[sldev] Generic LSL->Client Comms
dale at daleglass.net
Wed Feb 28 16:38:36 PST 2007
В сообщении от 28 февраля 2007 15:56 Argent Stonecutter написал(a):
> On Feb 27, 2007, at 9:22 PM, Dale Glass wrote:
> > I also thought you wanted to implement plugins in this way, by
> > doing it all
> > through a socket.
> Not really. For a lot of plugins the extra trip through the kernel
> and network stack is a lot of overhead, particularly for
> transformation plugins and things like Jesse's prim attributes, or
> for your floater for that matter if it's polling for avatar data.
I don't really get why everybody keeps bringing up context switches and
network stack overhead, when both are constant, not all that big, and getting
progressively smaller as CPU speeds increase.
I think that a much better argument could be made that there's going to be a
significant impact from converting internal data into some format like XML,
then parsing it again on the same box, when all that data could be accessed
for free if the plugin was loaded into the client.
Now, I still think this way of doing things is interesting. It sure is
inefficient for things that would involve sending megabytes of data back and
forth, but some light communication like "process this key", "start
streaming", etc would be really useful.
> What I'm looking at here is communication between applications on the
> client's computer and applications running in LSL. This is a subset
> where the latency and overhead of a socket is lost in the noise, and
> where there's already a lot of people in SL who are doing similar
> things between objects using chat. I think a lot of these people
> would be able to effectively use a simple system like I'm talking
> about, but would be overwhelmed by XML.
I don't know why, XML isn't all that complicated. Granted, it's not the
prettiest thing, but it's not anything all that weird either. Anybody working
on something like this can be assumed to have seen at least some HTML, and if
you get that, you're 90% there regarding XML.
After all, you can make a simple XML protocol. There's no need to use every
esoteric piece of functionality in it.
> Having a socket that applications can connect to that maps into chat
> doesn't preclude having a more complex and powerful protocol running
> over the same connection or over a related link. Consider this:
> @32,throttle up
> Say "throttle up" on channel 32. All chat messages must be preceded
> by "@"
Well, here you have what I'm talking about. This is nice and simple on the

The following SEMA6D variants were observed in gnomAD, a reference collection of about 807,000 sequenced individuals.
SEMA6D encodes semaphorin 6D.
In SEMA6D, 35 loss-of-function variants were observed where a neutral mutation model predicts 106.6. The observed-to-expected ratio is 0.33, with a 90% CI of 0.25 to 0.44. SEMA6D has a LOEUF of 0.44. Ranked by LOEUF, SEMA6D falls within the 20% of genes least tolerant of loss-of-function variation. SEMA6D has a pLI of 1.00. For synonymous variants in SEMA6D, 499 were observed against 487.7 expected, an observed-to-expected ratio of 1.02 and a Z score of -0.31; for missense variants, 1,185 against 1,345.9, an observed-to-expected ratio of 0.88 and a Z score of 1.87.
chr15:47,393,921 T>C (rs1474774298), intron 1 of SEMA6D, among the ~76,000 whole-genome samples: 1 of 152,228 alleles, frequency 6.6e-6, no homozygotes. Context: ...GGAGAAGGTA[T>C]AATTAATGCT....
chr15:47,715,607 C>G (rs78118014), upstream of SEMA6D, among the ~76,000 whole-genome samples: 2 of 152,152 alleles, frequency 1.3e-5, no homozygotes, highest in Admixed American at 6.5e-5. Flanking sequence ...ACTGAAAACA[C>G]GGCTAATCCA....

What is the "," for? There you have a weird bit of syntax already.
Will the parser handle a negative channel?
How do you indicate shout or whisper?
Will the parser correctly deal with unicode? Specifically, will it correctly
detect characters it's looking for, while avoiding the pitfall of that a
character can be both itself and a part of a multibyte UTF8 character?
What if you want to send multiple lines?
I have a quite strong dislike for homebrew protocols for this reason. Are you
sure that a couple months later you won't have to keep adding weird hacks to
keep this compatible?
Such a thing would need to be properly made to deal with eventual expansions.
I think PNG has a good idea in this regard: You can add new sections to it,
and the section's header specifies whether handling it is necessary or not in
other to display the right result.
> <send_message channel="32" type="chat">throttle up</send_message>
> Say "throttle up" on channel 32. All single-line XML messages must
> begin with "<".
> <send_message channel="32" type="chat">
> throttle up
> Say "throttle up" on channel 32. All multi-line XML messages are
> preceded by "#" followed by the number of bytes in the message and a
And now you have the problem of having to implement the same thing twice. That
almost guarantees that one version will have a bug and another won't, or the
functionality will slightly differ. That's bad.
> Heh, you read that exactly the opposite way that I meant it. Sorry,
> let me clarify: I'm talking about controls in your HUD to make iTunes
> do stuff, or to tell you what your local outside temperature is, or
> how much mail you have, so that you can get the kind of info you put
> in your desktop / dashboard / icon-tray / panel / insert-your-
> preferred-desktop-plugin-here when you have SL in full screen mode.
Ahh. Ok, that makes sense.
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